A year in the life of a school

Week 22: I Can’t Believe It’s Shrove Tuesday… It Really Crêpe-d Up On Me This Year!

In the twenty-second of an ongoing series of blogs for the 2021-2022 academic year, Executive Headteacher Max Kelly captures his week working in primary schools in the Isle of Man. As the year goes on he hopes his blogs will paint a picture of a “Year In The Life Of A School”….

Monday 28th February 2022

First day back after the half-term break… and it was back with a bang!

We’ll be without our caretaker today at Laxey School, so my first job of the morning is to source a stand-in. After that, it is time to whizz into school extra early to open up, but my Deputy beats me to it by a few minutes, and we begin the mammoth task of unlocking all the doors in the building. We manage to get everywhere open in time for our early morning breakfast club to set-up and begin.  

I’ve left my car down on Laxey Promenade this morning and walked up to the school; the road is completely closed today as works continue, but the lack of access means that our school car park cannot be reached. It’s going to be a challenging couple of weeks for the staff team having to park a 5 – 10 minute walk away each day. To compound matters, it’s raining this morning, which just adds to the Monday morning chaos. 

I don a high-viz and go and stand outside on the road to help spot children and families as they approach by foot. The staff-led walking bus arrive too, having picked up children from the temporary bus stop up on the Ramsey Road. 

As I step back into the school building I’m aware of an alarm sound blasting out. The alarm is for people-in-need when using the disabled toilet, but the reset button isn’t working. The stand-in caretaker and I spend quite a long time trying to disable the alarm before realizing the reset button not working isn’t the cause; the button works fine but the alarm itself is malfunctioning. Eventually we get it to silence itself!

I look at the clock, and its only ten past nine! One of those mornings I should have stayed in bed! The internal phone rings and I take a call from the administrator at my other school in Dhoon. It’s sad news about one of my pupils who has been involved in a nasty accident overnight and is in surgery this morning. I feel for the family and the child and cross my fingers that everything will turn out OK. 

The morning settles down and a teacher brings a Y1 student down to see me so that they can show-off some of their morning writing. It’s a proud moment for the children and their progress since September is fantastic.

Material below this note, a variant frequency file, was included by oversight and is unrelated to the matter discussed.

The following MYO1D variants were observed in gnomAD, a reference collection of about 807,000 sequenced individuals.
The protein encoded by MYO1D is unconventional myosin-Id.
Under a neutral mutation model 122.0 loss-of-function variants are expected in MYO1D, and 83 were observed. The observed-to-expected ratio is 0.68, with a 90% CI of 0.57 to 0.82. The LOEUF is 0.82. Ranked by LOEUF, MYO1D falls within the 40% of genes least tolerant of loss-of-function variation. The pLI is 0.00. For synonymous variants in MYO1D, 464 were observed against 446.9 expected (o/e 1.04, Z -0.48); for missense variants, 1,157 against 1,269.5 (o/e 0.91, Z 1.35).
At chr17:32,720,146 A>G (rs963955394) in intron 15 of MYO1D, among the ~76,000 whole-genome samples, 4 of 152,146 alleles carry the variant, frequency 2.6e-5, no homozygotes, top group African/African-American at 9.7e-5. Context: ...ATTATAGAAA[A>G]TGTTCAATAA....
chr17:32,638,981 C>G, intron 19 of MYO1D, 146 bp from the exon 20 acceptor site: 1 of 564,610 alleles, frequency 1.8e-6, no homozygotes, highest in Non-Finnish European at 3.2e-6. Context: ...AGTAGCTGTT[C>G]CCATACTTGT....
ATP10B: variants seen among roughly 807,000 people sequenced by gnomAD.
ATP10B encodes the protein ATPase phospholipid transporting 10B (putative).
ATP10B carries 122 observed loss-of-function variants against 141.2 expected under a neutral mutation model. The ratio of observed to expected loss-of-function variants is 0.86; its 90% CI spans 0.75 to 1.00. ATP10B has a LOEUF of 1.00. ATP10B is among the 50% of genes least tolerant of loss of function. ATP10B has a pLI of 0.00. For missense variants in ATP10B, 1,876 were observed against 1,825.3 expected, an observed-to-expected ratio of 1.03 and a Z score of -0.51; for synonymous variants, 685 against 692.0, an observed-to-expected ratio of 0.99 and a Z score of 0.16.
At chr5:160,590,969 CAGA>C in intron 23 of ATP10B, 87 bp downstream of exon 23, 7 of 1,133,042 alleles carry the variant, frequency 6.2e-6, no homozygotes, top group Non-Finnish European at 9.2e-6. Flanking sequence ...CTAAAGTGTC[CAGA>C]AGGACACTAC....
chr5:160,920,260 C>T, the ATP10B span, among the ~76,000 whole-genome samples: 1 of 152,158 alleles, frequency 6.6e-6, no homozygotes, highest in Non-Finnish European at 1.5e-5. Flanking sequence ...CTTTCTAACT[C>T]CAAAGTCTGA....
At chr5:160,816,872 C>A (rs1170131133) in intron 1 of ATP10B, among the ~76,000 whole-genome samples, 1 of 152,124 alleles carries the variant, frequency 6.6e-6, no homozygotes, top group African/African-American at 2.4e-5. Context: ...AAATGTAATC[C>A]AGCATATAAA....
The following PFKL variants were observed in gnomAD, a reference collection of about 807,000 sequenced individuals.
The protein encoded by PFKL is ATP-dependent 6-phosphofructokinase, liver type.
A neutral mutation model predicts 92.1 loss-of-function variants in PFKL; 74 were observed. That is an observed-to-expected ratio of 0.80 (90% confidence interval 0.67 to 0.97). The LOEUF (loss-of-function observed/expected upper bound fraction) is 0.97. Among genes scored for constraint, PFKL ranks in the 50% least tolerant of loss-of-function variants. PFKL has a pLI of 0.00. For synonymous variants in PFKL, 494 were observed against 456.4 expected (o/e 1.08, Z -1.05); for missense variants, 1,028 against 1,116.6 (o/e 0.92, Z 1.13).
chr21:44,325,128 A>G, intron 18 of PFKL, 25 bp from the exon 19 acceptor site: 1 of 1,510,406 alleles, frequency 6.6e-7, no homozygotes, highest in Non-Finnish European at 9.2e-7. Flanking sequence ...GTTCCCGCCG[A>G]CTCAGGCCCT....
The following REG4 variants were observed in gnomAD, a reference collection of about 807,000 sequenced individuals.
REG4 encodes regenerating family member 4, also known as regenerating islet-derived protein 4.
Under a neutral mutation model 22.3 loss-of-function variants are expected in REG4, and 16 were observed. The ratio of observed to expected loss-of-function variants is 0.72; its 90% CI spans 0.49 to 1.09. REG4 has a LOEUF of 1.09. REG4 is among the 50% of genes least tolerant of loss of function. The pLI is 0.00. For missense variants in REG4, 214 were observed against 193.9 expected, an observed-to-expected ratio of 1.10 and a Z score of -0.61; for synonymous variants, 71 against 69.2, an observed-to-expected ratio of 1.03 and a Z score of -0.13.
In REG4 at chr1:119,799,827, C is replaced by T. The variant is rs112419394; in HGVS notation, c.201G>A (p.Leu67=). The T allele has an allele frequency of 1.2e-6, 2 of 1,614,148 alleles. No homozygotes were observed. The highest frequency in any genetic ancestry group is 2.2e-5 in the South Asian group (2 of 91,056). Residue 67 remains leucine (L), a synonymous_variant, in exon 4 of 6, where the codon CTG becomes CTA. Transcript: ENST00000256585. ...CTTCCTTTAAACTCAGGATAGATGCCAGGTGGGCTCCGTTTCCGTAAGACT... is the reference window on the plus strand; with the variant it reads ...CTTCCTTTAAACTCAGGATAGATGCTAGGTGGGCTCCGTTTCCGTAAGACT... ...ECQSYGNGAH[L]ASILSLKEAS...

A new cleaner is joining our staff team today and I’m on hand to welcome them to the school and help get them settled in when they arrive.

A catch up with my Laxey deputy is followed by a phone call to my Dhoon deputy, and having touched base with everyone it feels as though I’ve never been away. Half-term break? What half-term break? 

Tuesday 1st March 2022

I head for Laxey School first thing and park up on the promenade again, before walking up to the school. It is a beautiful late winter / early spring morning: crisp, cold, sunny and blue skies. But the morning comes with ice and frost, and the walkway from Glen Road to the school – which is experiencing additional footfall with the road closures around the school – is very slippery. We put a call in to the local commissioners to see if anything can be done about it. 

At 8.30 I head outside to help shepherd in children who are making their way by foot. A fair number of cars chance the use of the road, but with Quarry Road completely closed (and with a massive hole in the middle of it) and Minorca Hill shut and not passable, we soon have a complete jam on the road. I’m in a high-viz and help direct cars as they reverse back up the hill, but with a steady stream of children – including our walking bus – traipsing past, it is rather hazardous. I’m relieved when we finally get all the children in and have the road cleared. The workmen have been a great assistance this morning too with helping sort the traffic jam – but having put a pretty clear message out on our school socials over the weekend, I’m slightly disappointed that so many people continue to bring their cars into this space during the road works… but its beyond my jurisdiction and authority to do anything more than a polite request and appeal to people’s better natures.

I’ve been looking forward to today as I’m accompanying the Y3s on a trip to kick-start their new topic “Adventurers.” We’re taking them to the low ropes course at Ape Mann and letting them have a go at Laser Mayhem in the plantation in the afternoon. It’s a great day out and the staff and parent helpers have a blast too. It makes a delightful change for me to spend the majority of the day out of the office and out of the school building.

A great day out at Ape Mann with the Y3s from Laxey School – we had perfect weather too!

Just before 4pm I arrive in Maughold Village to take part in the annual Maughold Pancake Day Races. Lots of children from Dhoon School live in the area and take part – so even though it’s not technically a school event, Dhoon is always well represented and I like to show my face at it. In fact, I have been the adult champion for the past two years in a row, but due to the Ape Mann trip I’m wearing my hiking boots and I’m not comfortable with the thought of running in them, so I decide to spectate this year and give someone else the chance to win! My plan is dashed though by the organizers who convince me to defend my title, and despite my better judgment I end up competing… and coming in last. A lesson: always bow out at the top!

Footage from this year’s Maughold Pancake Day Races.

Home just before 6 and straight into a family pancake making session which is easily the most stressful part of the day! Steph always likes to tell me what a first class tosser I am on Shrove Tuesday, and today is no exception. 

I tune in for the FA Cup match which is on BBC1 between Middlesbrough and my team, Tottenham. A dreadful performance from Spurs and they get knocked out of the cup. My only consolation is that I know absolutely no Middlesbrough fans, never even met one. 

Wednesday 2nd March